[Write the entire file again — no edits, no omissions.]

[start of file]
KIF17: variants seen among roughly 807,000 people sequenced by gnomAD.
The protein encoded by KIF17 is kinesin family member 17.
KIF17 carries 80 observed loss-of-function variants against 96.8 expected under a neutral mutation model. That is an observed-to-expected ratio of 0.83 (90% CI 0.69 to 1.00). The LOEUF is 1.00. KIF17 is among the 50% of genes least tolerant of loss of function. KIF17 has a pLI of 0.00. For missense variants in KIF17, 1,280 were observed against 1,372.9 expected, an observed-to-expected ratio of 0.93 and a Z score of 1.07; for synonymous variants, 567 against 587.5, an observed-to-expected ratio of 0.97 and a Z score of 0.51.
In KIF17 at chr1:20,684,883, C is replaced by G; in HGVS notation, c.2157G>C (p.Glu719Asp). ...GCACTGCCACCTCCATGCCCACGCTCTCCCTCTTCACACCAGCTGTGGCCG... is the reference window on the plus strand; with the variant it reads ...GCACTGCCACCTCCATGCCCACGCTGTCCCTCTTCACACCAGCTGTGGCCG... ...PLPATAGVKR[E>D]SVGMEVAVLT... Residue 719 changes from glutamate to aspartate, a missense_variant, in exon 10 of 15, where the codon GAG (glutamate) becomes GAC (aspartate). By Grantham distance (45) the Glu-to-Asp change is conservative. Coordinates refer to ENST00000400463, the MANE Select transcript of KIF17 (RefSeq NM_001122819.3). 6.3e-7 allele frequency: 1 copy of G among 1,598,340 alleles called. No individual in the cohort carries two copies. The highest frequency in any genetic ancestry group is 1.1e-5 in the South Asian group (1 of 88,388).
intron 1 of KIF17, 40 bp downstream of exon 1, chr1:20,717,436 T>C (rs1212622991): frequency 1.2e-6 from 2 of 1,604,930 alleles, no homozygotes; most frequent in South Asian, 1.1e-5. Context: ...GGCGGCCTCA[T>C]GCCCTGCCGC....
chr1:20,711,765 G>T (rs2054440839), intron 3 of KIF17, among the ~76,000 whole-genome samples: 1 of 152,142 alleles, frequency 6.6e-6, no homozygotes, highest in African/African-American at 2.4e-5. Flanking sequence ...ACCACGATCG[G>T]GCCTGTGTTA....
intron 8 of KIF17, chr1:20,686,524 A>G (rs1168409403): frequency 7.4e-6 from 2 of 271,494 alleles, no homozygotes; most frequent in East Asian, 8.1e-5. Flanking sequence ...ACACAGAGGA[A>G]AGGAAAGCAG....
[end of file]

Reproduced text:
KIF17: variants seen among roughly 807,000 people sequenced by gnomAD.
The protein encoded by KIF17 is kinesin family member 17.
KIF17 carries 80 observed loss-of-function variants against 96.8 expected under a neutral mutation model. That is an observed-to-expected ratio of 0.83 (90% CI 0.69 to 1.00). The LOEUF is 1.00. KIF17 is among the 50% of genes least tolerant of loss of function. KIF17 has a pLI of 0.00. For missense variants in KIF17, 1,280 were observed against 1,372.9 expected, an observed-to-expected ratio of 0.93 and a Z score of 1.07; for synonymous variants, 567 against 587.5, an observed-to-expected ratio of 0.97 and a Z score of 0.51.
In KIF17 at chr1:20,684,883, C is replaced by G; in HGVS notation, c.2157G>C (p.Glu719Asp). ...GCACTGCCACCTCCATGCCCACGCTCTCCCTCTTCACACCAGCTGTGGCCG... is the reference window on the plus strand; with the variant it reads ...GCACTGCCACCTCCATGCCCACGCTGTCCCTCTTCACACCAGCTGTGGCCG... ...PLPATAGVKR[E>D]SVGMEVAVLT... Residue 719 changes from glutamate to aspartate, a missense_variant, in exon 10 of 15, where the codon GAG (glutamate) becomes GAC (aspartate). By Grantham distance (45) the Glu-to-Asp change is conservative. Coordinates refer to ENST00000400463, the MANE Select transcript of KIF17 (RefSeq NM_001122819.3). 6.3e-7 allele frequency: 1 copy of G among 1,598,340 alleles called. No individual in the cohort carries two copies. The highest frequency in any genetic ancestry group is 1.1e-5 in the South Asian group (1 of 88,388).
intron 1 of KIF17, 40 bp downstream of exon 1, chr1:20,717,436 T>C (rs1212622991): frequency 1.2e-6 from 2 of 1,604,930 alleles, no homozygotes; most frequent in South Asian, 1.1e-5. Context: ...GGCGGCCTCA[T>C]GCCCTGCCGC....
chr1:20,711,765 G>T (rs2054440839), intron 3 of KIF17, among the ~76,000 whole-genome samples: 1 of 152,142 alleles, frequency 6.6e-6, no homozygotes, highest in African/African-American at 2.4e-5. Flanking sequence ...ACCACGATCG[G>T]GCCTGTGTTA....
intron 8 of KIF17, chr1:20,686,524 A>G (rs1168409403): frequency 7.4e-6 from 2 of 271,494 alleles, no homozygotes; most frequent in East Asian, 8.1e-5. Flanking sequence ...ACACAGAGGA[A>G]AGGAAAGCAG....